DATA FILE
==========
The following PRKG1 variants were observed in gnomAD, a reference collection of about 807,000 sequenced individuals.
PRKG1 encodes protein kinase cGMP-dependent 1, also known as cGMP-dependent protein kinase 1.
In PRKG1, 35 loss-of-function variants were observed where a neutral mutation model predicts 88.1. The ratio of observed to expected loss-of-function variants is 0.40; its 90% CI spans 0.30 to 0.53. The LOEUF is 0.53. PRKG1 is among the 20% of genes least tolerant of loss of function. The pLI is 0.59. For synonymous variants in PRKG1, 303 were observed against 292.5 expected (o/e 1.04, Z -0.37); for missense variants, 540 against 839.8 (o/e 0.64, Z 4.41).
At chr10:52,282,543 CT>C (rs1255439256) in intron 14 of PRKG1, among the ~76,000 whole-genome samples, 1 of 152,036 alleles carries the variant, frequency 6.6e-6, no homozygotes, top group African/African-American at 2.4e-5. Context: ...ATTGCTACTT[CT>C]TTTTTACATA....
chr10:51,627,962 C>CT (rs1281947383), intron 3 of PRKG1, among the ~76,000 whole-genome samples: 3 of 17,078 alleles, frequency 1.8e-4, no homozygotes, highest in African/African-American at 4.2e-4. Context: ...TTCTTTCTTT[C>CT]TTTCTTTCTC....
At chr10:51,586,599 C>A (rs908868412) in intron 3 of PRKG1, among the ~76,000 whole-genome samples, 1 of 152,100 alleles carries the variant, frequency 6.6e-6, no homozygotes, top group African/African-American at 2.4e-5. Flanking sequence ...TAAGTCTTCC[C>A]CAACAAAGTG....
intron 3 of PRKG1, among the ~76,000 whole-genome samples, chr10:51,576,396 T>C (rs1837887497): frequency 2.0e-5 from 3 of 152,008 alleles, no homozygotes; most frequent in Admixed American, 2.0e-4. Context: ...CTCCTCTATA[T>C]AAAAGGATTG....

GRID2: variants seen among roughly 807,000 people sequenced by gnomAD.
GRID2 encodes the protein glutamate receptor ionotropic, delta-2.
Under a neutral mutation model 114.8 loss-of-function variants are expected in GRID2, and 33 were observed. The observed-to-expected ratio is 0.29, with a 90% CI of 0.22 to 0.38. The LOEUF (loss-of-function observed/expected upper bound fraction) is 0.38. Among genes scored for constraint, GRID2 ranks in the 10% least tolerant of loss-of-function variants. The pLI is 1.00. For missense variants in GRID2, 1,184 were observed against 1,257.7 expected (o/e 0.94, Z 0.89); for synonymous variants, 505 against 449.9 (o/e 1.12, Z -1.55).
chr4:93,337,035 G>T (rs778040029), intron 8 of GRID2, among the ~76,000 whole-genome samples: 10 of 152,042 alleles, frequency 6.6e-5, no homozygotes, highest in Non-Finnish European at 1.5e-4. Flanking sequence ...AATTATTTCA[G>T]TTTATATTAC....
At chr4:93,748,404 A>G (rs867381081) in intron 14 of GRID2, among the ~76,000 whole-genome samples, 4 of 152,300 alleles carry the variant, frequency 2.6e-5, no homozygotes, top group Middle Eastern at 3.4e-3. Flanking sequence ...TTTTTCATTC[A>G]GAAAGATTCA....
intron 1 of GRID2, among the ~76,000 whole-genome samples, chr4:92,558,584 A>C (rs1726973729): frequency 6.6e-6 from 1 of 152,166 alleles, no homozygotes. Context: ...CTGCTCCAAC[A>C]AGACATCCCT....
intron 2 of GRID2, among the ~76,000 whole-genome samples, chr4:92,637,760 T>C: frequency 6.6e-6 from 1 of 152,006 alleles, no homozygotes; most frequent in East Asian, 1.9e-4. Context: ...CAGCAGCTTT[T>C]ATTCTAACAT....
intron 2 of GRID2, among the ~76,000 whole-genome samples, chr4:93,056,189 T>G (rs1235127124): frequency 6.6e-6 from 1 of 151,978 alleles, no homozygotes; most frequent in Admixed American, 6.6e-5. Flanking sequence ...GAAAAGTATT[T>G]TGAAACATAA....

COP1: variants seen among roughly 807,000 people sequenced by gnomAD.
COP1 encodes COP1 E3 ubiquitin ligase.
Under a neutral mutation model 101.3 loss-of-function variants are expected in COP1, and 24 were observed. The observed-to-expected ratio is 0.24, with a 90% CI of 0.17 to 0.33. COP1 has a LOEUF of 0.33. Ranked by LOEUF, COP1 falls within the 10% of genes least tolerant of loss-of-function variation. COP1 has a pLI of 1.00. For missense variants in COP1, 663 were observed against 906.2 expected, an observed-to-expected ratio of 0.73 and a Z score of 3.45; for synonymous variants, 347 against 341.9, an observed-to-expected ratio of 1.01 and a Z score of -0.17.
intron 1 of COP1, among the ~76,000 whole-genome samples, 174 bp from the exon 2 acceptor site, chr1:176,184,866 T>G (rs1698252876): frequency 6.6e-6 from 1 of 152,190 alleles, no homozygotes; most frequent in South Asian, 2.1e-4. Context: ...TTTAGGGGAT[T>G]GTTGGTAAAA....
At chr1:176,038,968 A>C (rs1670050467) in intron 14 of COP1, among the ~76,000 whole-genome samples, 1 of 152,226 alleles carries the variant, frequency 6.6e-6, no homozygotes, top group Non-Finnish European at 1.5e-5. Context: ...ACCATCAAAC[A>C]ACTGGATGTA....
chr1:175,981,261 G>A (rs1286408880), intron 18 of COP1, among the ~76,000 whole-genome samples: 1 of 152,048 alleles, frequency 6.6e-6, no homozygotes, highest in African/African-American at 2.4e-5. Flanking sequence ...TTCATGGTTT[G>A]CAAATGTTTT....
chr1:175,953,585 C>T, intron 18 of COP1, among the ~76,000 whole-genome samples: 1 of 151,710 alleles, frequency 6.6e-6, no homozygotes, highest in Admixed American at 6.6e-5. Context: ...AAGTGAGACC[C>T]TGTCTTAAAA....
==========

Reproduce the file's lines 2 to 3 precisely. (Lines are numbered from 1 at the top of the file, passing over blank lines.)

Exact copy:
PRKG1 encodes protein kinase cGMP-dependent 1, also known as cGMP-dependent protein kinase 1.
In PRKG1, 35 loss-of-function variants were observed where a neutral mutation model predicts 88.1. The ratio of observed to expected loss-of-function variants is 0.40; its 90% CI spans 0.30 to 0.53. The LOEUF is 0.53. PRKG1 is among the 20% of genes least tolerant of loss of function. The pLI is 0.59. For synonymous variants in PRKG1, 303 were observed against 292.5 expected (o/e 1.04, Z -0.37); for missense variants, 540 against 839.8 (o/e 0.64, Z 4.41).